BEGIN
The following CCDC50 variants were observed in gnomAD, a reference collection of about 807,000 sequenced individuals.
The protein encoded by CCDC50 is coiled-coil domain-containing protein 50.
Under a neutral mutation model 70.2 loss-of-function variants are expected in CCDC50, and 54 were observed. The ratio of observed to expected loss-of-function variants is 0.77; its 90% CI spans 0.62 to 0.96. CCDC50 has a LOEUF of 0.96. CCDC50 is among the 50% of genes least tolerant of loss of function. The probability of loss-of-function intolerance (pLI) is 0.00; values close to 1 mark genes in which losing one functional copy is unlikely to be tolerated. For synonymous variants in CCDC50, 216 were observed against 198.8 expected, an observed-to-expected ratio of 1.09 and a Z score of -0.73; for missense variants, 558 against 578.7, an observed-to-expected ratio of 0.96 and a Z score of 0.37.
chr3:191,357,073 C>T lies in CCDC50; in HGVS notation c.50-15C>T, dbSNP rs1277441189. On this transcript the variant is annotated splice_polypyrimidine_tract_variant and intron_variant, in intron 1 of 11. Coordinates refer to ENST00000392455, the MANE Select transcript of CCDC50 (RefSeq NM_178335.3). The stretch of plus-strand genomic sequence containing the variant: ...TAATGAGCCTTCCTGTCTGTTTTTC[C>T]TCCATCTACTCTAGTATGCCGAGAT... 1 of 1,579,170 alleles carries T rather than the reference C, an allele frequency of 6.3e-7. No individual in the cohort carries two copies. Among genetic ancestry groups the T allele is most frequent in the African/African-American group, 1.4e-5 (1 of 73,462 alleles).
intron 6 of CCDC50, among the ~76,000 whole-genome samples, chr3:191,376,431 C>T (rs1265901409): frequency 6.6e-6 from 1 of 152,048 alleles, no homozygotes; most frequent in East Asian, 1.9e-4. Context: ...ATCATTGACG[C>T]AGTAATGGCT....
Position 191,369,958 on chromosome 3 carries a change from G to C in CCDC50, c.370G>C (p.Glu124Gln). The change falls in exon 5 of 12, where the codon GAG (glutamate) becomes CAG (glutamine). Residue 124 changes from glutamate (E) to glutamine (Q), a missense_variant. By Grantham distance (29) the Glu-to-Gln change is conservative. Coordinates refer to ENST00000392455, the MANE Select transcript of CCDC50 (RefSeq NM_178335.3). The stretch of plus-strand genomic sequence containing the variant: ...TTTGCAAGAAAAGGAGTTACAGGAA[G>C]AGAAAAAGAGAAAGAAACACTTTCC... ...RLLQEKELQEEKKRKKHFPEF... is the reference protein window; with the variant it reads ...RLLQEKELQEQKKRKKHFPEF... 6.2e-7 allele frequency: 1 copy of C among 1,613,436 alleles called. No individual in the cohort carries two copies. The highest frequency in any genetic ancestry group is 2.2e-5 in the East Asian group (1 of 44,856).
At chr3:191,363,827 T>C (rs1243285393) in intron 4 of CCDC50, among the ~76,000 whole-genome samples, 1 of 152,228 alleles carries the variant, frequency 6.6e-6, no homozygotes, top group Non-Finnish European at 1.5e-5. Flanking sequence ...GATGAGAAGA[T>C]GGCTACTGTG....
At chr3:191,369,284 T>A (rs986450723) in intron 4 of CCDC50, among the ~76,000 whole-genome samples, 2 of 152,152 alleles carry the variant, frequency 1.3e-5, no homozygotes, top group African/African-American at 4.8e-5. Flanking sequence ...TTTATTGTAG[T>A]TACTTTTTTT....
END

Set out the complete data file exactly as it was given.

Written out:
The following CCDC50 variants were observed in gnomAD, a reference collection of about 807,000 sequenced individuals.
The protein encoded by CCDC50 is coiled-coil domain-containing protein 50.
Under a neutral mutation model 70.2 loss-of-function variants are expected in CCDC50, and 54 were observed. The ratio of observed to expected loss-of-function variants is 0.77; its 90% CI spans 0.62 to 0.96. CCDC50 has a LOEUF of 0.96. CCDC50 is among the 50% of genes least tolerant of loss of function. The probability of loss-of-function intolerance (pLI) is 0.00; values close to 1 mark genes in which losing one functional copy is unlikely to be tolerated. For synonymous variants in CCDC50, 216 were observed against 198.8 expected, an observed-to-expected ratio of 1.09 and a Z score of -0.73; for missense variants, 558 against 578.7, an observed-to-expected ratio of 0.96 and a Z score of 0.37.
chr3:191,357,073 C>T lies in CCDC50; in HGVS notation c.50-15C>T, dbSNP rs1277441189. On this transcript the variant is annotated splice_polypyrimidine_tract_variant and intron_variant, in intron 1 of 11. Coordinates refer to ENST00000392455, the MANE Select transcript of CCDC50 (RefSeq NM_178335.3). The stretch of plus-strand genomic sequence containing the variant: ...TAATGAGCCTTCCTGTCTGTTTTTC[C>T]TCCATCTACTCTAGTATGCCGAGAT... 1 of 1,579,170 alleles carries T rather than the reference C, an allele frequency of 6.3e-7. No individual in the cohort carries two copies. Among genetic ancestry groups the T allele is most frequent in the African/African-American group, 1.4e-5 (1 of 73,462 alleles).
intron 6 of CCDC50, among the ~76,000 whole-genome samples, chr3:191,376,431 C>T (rs1265901409): frequency 6.6e-6 from 1 of 152,048 alleles, no homozygotes; most frequent in East Asian, 1.9e-4. Context: ...ATCATTGACG[C>T]AGTAATGGCT....
Position 191,369,958 on chromosome 3 carries a change from G to C in CCDC50, c.370G>C (p.Glu124Gln). The change falls in exon 5 of 12, where the codon GAG (glutamate) becomes CAG (glutamine). Residue 124 changes from glutamate (E) to glutamine (Q), a missense_variant. By Grantham distance (29) the Glu-to-Gln change is conservative. Coordinates refer to ENST00000392455, the MANE Select transcript of CCDC50 (RefSeq NM_178335.3). The stretch of plus-strand genomic sequence containing the variant: ...TTTGCAAGAAAAGGAGTTACAGGAA[G>C]AGAAAAAGAGAAAGAAACACTTTCC... ...RLLQEKELQEEKKRKKHFPEF... is the reference protein window; with the variant it reads ...RLLQEKELQEQKKRKKHFPEF... 6.2e-7 allele frequency: 1 copy of C among 1,613,436 alleles called. No individual in the cohort carries two copies. The highest frequency in any genetic ancestry group is 2.2e-5 in the East Asian group (1 of 44,856).
At chr3:191,363,827 T>C (rs1243285393) in intron 4 of CCDC50, among the ~76,000 whole-genome samples, 1 of 152,228 alleles carries the variant, frequency 6.6e-6, no homozygotes, top group Non-Finnish European at 1.5e-5. Flanking sequence ...GATGAGAAGA[T>C]GGCTACTGTG....
At chr3:191,369,284 T>A (rs986450723) in intron 4 of CCDC50, among the ~76,000 whole-genome samples, 2 of 152,152 alleles carry the variant, frequency 1.3e-5, no homozygotes, top group African/African-American at 4.8e-5. Flanking sequence ...TTTATTGTAG[T>A]TACTTTTTTT....